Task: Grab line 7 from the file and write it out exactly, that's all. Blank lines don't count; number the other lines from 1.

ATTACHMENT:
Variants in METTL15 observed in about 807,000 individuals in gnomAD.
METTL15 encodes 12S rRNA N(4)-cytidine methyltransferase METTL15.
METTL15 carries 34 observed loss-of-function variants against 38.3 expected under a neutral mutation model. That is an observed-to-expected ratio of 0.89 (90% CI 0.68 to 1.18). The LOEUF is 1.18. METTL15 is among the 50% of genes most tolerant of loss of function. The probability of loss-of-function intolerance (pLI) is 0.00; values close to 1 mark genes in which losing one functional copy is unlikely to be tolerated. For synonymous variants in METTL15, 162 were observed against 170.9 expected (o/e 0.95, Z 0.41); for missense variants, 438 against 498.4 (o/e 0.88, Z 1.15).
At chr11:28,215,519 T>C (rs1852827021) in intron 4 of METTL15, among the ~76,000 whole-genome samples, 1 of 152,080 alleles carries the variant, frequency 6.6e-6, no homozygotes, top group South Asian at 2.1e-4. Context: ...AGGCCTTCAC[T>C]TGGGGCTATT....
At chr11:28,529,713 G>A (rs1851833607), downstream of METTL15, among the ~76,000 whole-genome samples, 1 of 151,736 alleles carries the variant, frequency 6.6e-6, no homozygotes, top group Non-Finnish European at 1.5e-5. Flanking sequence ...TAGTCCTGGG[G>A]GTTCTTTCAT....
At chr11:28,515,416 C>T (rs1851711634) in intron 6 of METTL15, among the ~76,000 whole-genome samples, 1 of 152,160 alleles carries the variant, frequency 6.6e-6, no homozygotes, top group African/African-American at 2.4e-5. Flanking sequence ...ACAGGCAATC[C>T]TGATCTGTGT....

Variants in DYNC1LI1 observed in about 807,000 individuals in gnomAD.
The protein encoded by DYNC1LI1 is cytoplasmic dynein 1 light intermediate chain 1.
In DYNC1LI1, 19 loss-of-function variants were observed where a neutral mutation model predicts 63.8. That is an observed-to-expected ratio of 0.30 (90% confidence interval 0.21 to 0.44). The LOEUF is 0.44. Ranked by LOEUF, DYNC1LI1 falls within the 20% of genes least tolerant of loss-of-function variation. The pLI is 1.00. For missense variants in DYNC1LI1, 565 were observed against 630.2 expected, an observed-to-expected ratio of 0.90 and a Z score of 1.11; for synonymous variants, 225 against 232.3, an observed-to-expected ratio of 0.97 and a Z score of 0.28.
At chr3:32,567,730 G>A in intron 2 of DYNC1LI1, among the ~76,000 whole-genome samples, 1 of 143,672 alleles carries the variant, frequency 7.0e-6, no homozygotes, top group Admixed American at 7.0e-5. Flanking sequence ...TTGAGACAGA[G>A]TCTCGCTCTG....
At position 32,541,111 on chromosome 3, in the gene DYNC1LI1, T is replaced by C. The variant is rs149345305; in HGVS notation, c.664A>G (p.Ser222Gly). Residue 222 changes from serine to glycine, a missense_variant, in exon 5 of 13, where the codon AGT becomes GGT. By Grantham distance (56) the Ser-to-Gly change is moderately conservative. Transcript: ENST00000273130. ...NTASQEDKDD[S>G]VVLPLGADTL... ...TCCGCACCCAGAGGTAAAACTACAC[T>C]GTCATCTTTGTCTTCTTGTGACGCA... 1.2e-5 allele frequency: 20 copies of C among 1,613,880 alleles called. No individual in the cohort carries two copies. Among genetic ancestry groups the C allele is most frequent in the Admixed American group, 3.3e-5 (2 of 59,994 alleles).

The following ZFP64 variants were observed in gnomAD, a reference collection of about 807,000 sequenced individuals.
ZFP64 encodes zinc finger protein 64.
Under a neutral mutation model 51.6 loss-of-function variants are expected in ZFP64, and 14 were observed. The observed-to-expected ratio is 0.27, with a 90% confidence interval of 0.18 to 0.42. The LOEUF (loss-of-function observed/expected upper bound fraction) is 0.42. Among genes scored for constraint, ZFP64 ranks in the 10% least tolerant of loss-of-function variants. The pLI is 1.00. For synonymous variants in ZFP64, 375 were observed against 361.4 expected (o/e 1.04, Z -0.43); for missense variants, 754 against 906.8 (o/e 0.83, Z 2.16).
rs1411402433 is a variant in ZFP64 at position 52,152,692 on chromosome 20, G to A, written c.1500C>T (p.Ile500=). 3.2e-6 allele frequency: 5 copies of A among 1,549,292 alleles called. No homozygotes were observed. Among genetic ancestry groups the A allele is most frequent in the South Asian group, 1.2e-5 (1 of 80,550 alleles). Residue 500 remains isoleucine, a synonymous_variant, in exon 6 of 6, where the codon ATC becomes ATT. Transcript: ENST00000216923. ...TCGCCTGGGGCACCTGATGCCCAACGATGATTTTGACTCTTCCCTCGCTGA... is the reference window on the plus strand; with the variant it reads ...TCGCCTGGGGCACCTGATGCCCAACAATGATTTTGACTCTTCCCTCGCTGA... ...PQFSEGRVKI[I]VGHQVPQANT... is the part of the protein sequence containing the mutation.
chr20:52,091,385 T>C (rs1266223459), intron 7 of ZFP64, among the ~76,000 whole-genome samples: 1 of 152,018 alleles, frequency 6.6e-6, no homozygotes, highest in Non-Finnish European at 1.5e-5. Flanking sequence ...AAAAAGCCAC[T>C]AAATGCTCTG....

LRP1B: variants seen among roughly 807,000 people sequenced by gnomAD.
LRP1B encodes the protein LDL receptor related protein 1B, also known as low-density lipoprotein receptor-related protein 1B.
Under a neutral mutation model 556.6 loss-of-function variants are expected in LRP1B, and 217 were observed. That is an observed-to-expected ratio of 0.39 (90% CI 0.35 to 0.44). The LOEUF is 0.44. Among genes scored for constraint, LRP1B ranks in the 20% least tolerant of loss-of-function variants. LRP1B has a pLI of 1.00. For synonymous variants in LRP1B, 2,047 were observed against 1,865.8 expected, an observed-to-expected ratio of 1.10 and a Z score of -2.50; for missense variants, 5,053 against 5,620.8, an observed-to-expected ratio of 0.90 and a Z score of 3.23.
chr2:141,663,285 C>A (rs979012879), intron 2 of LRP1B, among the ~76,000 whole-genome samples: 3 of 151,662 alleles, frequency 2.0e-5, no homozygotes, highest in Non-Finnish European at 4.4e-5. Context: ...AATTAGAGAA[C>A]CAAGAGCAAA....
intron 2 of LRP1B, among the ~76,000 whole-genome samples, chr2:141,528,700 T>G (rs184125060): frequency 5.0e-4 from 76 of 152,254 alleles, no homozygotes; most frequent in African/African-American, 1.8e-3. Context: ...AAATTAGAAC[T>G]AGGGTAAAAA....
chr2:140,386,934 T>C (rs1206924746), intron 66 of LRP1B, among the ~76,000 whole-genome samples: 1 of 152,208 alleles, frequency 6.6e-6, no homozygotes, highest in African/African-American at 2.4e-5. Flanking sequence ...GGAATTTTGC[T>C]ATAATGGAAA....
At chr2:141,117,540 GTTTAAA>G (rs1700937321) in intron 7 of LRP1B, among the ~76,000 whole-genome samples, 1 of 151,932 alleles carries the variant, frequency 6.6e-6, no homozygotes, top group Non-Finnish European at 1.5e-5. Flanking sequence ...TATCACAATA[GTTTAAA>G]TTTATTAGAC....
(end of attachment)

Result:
Variants in DYNC1LI1 observed in about 807,000 individuals in gnomAD.